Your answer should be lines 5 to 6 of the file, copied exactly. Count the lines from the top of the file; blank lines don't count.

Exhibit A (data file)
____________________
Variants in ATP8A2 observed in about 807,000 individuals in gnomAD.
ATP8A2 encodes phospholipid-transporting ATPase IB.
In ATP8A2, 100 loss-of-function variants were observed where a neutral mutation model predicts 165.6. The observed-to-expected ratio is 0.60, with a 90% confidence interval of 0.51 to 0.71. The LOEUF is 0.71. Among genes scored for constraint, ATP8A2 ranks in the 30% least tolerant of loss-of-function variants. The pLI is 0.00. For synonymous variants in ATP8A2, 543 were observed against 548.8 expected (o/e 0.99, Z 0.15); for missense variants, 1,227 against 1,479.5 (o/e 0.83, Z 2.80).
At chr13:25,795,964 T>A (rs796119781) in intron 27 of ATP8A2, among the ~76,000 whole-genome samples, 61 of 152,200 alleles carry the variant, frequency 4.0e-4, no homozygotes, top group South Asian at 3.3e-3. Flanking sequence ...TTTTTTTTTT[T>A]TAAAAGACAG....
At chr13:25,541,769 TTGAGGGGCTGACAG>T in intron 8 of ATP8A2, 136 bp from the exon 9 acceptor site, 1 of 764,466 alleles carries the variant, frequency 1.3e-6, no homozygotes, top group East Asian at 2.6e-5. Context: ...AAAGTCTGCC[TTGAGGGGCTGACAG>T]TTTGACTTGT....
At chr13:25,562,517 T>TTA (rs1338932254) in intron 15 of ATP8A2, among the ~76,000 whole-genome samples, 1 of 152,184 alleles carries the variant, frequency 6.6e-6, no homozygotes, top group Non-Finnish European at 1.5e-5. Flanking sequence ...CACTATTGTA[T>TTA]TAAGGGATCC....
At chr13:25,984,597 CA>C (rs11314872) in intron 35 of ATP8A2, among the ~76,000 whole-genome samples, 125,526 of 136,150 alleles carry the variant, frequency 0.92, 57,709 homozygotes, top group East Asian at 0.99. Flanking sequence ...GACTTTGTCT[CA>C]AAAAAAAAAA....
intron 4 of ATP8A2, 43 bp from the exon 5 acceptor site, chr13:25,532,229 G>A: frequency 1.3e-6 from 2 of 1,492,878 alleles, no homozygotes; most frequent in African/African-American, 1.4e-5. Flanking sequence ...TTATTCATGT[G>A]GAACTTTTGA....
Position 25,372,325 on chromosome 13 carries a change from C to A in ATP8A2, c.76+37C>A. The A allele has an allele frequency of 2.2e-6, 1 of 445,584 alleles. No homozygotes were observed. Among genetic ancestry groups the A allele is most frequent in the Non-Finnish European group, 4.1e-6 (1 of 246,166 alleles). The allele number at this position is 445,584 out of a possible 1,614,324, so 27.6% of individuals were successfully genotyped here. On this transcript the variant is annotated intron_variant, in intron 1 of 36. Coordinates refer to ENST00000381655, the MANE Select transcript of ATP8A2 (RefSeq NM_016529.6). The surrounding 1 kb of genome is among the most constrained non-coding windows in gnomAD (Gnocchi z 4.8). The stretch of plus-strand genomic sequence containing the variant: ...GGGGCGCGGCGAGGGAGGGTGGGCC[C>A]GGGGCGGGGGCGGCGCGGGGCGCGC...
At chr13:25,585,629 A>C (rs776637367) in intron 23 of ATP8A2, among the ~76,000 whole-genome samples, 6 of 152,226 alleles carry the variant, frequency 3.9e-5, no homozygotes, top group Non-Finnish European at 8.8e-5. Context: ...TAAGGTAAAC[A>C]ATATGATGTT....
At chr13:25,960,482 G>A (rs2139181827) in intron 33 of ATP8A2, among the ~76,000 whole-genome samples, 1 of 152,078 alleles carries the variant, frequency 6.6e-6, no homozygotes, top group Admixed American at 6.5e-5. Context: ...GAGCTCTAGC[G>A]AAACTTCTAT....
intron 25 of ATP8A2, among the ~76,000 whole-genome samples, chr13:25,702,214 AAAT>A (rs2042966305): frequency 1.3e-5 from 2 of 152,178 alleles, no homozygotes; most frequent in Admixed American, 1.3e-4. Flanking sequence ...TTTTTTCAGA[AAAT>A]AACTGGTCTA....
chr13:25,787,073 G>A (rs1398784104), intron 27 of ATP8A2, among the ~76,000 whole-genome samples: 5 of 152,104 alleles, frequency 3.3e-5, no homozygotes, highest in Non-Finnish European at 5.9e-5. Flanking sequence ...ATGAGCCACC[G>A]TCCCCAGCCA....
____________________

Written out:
At chr13:25,541,769 TTGAGGGGCTGACAG>T in intron 8 of ATP8A2, 136 bp from the exon 9 acceptor site, 1 of 764,466 alleles carries the variant, frequency 1.3e-6, no homozygotes, top group East Asian at 2.6e-5. Context: ...AAAGTCTGCC[TTGAGGGGCTGACAG>T]TTTGACTTGT....
At chr13:25,562,517 T>TTA (rs1338932254) in intron 15 of ATP8A2, among the ~76,000 whole-genome samples, 1 of 152,184 alleles carries the variant, frequency 6.6e-6, no homozygotes, top group Non-Finnish European at 1.5e-5. Flanking sequence ...CACTATTGTA[T>TTA]TAAGGGATCC....